Mason Stewart is truly a nature lover -- and that includes all of nature, even those creatures that aren't necessarily "lovable." Case in point, Stewart has even stopped his car to help snakes safely cross the road.
Growing up in the Golden Isles, it was only natural that he would develop a connection to the world around him. Stewart's love of animals began when he was a teenager. As a life guard on Jekyll Island during the late 1950s, he became acquainted with one of Coastal Georgia's most identifiable critters -- the sea turtle.
"I worked on Jekyll Island as a lifeguard back when Jekyll had lifeguards. That's when I first became acquainted with sea turtles," he said. "Of course, back then we didn't know much about them."
Stewart soon shook the sand of Coastal Georgia off his feet and went on to a successful career in the computer industry. But he and his wife, Barbara, returned to the area after retiring in 2005. It was then that a chance trip to the Georgia Sea Turtle Center with his grandchildren re-introduced him to the amphibians. Stewart learned of the potentially serious problems traditional flashlights cause nesting sea turtles. Light from standard flashlights can cause mother turtles to prematurely abandon their nests. It can also harm the young hatchlings.
"They use the starlight or the moonlight to find their way to the sea, so they will follow the white light of a flashlight. People have used the flashlights to bring them out," he said. "For a while, people were giving out red cellophane to put over a regular flashlight. Then people would leave lot of red cellophane pieces on the beach."
This severely diminished the young turtle's chances of getting safely off the beach and into the ocean.
Even so, turtle and human paths are bound to cross. Many people will continue to transverse Jekyll Island at night, even during the summer nesting season which runs from May to August.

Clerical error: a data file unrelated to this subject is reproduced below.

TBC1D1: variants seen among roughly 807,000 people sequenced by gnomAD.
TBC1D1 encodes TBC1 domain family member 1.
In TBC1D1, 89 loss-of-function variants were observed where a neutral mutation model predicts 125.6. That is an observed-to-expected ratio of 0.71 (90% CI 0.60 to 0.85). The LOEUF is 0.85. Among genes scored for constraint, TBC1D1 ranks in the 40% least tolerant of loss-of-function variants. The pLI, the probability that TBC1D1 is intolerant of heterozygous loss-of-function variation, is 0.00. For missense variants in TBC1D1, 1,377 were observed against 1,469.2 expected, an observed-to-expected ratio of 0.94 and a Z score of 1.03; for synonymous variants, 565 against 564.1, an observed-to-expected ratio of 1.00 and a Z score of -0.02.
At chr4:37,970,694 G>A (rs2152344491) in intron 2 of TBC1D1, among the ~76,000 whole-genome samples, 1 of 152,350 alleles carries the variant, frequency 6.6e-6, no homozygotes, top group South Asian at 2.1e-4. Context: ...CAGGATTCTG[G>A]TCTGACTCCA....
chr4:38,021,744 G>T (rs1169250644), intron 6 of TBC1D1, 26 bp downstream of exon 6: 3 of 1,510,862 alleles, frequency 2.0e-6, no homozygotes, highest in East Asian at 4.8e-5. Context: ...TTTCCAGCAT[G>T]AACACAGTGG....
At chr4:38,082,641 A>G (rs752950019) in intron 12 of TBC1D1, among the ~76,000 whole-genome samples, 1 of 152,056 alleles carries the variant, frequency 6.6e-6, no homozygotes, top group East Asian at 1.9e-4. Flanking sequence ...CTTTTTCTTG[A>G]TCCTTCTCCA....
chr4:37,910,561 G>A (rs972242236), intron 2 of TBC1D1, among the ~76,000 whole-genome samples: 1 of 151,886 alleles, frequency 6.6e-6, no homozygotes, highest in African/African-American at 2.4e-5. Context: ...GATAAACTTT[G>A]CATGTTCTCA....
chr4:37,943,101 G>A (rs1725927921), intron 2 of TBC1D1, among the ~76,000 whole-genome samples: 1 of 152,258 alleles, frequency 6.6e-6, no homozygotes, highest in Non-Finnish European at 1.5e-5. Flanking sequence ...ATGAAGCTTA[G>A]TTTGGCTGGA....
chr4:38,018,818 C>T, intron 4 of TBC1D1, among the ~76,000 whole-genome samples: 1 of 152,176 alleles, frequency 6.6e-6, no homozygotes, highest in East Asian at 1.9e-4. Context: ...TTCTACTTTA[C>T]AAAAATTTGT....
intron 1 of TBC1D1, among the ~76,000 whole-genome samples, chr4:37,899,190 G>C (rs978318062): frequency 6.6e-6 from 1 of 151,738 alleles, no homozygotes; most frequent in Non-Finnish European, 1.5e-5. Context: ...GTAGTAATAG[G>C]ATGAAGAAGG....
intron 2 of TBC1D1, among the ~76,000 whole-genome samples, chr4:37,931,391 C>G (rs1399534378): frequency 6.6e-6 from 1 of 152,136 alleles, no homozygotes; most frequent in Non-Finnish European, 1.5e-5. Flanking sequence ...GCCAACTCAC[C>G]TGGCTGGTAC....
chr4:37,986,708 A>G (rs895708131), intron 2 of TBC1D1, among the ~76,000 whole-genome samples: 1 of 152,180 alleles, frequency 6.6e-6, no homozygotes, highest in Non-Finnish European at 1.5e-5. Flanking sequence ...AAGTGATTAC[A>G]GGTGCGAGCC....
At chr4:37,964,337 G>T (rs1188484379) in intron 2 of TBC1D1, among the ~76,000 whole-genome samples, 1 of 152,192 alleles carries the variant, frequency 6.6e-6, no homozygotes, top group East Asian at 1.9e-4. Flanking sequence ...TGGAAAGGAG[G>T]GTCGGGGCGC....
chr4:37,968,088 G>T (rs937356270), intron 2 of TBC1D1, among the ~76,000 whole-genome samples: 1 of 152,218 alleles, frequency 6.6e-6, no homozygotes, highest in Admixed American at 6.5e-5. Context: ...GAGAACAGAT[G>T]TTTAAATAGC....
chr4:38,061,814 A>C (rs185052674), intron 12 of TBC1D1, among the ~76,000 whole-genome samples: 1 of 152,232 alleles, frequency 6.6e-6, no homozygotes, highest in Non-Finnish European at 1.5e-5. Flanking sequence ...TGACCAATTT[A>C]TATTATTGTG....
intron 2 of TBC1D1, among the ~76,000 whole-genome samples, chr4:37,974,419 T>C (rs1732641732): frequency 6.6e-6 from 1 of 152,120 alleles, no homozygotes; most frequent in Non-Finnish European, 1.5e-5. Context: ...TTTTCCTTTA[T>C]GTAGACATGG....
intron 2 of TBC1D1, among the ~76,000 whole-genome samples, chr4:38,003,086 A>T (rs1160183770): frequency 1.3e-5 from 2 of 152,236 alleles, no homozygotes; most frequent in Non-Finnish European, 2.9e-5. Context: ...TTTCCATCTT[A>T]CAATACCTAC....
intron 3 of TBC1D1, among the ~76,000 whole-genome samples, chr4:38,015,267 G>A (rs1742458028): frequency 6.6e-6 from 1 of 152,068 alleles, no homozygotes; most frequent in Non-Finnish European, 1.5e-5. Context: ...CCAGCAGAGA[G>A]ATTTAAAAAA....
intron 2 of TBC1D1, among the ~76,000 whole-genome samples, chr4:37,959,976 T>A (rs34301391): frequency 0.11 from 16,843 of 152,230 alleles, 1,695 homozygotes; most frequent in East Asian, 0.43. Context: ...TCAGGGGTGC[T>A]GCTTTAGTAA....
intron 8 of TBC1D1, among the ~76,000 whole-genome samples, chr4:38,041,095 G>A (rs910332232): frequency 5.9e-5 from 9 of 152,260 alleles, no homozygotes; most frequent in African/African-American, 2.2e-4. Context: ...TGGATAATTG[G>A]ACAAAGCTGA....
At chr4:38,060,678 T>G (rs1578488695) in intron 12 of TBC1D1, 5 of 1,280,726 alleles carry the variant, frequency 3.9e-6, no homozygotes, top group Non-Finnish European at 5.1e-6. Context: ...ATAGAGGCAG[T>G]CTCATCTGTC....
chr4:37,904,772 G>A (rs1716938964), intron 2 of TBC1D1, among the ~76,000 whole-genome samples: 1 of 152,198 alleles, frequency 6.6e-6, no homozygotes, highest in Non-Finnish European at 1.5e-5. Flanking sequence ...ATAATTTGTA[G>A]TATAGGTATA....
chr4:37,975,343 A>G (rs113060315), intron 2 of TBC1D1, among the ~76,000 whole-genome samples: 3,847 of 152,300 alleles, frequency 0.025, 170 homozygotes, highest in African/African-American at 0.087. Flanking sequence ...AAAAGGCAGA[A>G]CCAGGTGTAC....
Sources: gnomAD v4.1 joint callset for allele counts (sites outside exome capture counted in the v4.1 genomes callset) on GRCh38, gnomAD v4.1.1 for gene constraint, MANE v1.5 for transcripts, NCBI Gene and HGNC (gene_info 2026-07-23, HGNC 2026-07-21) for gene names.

That inspired Stewart to offer a solution.
"I've always liked problem solving, and with my background in computers, I decided to come up with a 'turtle friendly' flashlight," he said. "After researching for about a year, I came up with several prototypes. I played with a lot of ideas, and I wanted it to be cheap enough that the average family on vacation could buy one."
The result of his work was a red LED flashlight that does not emit a short wavelength of light. Therefore, it is not disruptive to sea turtles.
Stewart began producing his design and founded Turtle Safe LLC, a primarily web-based company with products for sell at www.turtlesafeonline.com. His rechargeable light has been certified as turtle safe by the Georgia Sea Turtle Center and the State Fish and Wildlife Commission.
Local hotels like the Jekyll Island Club and Hampton Inn on Jekyll Island are also getting on board by selling the lights. Stewart has even gotten orders from areas far from the Golden Isles.
"Eco-tourism has gotten very big, and I've gotten orders from England and Mexico," he said.
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